In the unusual case where the ball will not come to rest in the relief area no matter how or where dropped (such as a relief area on a steep slope with short grass), the player would then place the ball anywhere in the relief area.

 

  If the placed ball will not come to rest on that spot after two attempts, the player would then place the ball on the nearest spot (not nearer the hole) where it will come to rest.

 

Reasons for Change:  

 

  The new procedure moves away from the current mechanical approach on how to drop a ball, with its several procedural requirements; the focus would appropriately be on where the ball is dropped and played from, not the mechanics of how it gets there.

 

  At the same time, requiring the player to drop a ball (as opposed to the alternative of placing it) would retain a desired randomness about where the ball will end up:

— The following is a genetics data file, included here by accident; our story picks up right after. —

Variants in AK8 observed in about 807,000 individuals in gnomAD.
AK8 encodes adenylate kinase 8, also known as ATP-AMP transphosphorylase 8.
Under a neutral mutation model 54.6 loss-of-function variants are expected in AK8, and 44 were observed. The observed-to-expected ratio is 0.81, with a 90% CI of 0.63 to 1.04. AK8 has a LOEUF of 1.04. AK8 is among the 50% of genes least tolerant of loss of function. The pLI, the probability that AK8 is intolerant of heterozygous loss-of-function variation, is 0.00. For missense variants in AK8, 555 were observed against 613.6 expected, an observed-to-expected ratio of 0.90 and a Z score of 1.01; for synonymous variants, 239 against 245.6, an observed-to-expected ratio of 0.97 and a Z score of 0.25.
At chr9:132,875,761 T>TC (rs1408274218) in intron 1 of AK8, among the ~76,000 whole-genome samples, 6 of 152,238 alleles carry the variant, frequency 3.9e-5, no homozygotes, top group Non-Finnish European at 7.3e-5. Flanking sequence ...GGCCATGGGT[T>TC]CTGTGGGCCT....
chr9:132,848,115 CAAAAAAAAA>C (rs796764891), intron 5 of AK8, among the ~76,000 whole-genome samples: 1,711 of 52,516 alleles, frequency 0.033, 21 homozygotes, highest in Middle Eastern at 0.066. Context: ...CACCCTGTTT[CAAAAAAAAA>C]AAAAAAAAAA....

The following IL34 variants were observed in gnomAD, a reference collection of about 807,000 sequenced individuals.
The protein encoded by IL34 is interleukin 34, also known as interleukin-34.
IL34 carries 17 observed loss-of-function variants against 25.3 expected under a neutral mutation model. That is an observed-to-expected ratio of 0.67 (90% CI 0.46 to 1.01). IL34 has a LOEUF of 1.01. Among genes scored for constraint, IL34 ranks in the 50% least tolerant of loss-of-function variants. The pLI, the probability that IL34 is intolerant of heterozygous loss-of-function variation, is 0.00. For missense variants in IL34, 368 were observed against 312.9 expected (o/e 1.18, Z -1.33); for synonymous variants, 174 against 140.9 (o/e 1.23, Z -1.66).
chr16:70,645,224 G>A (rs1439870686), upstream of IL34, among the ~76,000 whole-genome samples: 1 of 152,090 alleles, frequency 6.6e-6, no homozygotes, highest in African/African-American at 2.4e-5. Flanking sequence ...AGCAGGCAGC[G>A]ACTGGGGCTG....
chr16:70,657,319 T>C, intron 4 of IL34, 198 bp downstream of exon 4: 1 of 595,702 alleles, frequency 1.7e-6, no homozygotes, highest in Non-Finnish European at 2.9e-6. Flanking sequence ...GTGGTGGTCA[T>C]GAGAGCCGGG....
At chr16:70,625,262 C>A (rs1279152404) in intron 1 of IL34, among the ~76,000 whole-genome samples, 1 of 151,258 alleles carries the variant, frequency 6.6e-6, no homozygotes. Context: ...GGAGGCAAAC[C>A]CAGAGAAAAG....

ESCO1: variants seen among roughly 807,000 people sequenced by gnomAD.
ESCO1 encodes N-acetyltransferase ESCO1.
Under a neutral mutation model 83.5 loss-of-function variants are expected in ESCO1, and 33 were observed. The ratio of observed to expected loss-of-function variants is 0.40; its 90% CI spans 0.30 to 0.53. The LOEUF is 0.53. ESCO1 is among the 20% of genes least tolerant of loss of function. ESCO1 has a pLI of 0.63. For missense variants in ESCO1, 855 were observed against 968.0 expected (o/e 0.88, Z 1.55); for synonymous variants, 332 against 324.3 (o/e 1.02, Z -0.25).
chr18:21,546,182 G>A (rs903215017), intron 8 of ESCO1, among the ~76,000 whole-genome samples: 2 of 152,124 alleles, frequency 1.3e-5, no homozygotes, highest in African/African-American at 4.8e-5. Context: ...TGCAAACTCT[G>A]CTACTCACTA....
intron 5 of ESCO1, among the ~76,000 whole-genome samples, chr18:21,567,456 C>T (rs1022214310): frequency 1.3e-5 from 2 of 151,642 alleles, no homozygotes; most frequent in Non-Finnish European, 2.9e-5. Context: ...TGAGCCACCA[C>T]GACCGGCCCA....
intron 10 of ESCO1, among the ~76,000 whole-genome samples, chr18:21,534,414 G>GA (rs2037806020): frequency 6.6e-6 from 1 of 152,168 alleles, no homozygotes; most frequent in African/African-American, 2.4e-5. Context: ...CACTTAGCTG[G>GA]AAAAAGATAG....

o   This is especially the case when a ball is dropped in more difficult conditions such as thick rough or longer grass.

 

o   The player has no guarantee that the ball will come to rest on a desired spot or in a good lie.

 

  Relaxing the restrictions on how to drop a ball would help pace of play by making it easier for a player to take relief with only a single drop:

o   When a ball is dropped from shoulder height, it often rolls a considerable distance, so that the need for a re-drop is common. 

 

o   In contrast, when a ball is dropped from just above the ground, it will usually come to rest very close to where it hits the ground and should stay in the relief area.

 

  The new procedure avoids giving players more relief than necessary:

 

o   A dropped ball is currently allowed to roll up to 2 club-lengths from where it hits the ground so that, for example, it can end up being played up to 3 club-lengths from the nearest point of relief from a cart path or ground under repair, or up to 4 clublengths from where the original ball went into a lateral water hazard or where it was unplayable.

 

o   Requiring the dropped ball to come to rest in and be played from the same relief area where it was dropped would make it much more likely that the ball will be played from close to where it originally came to rest.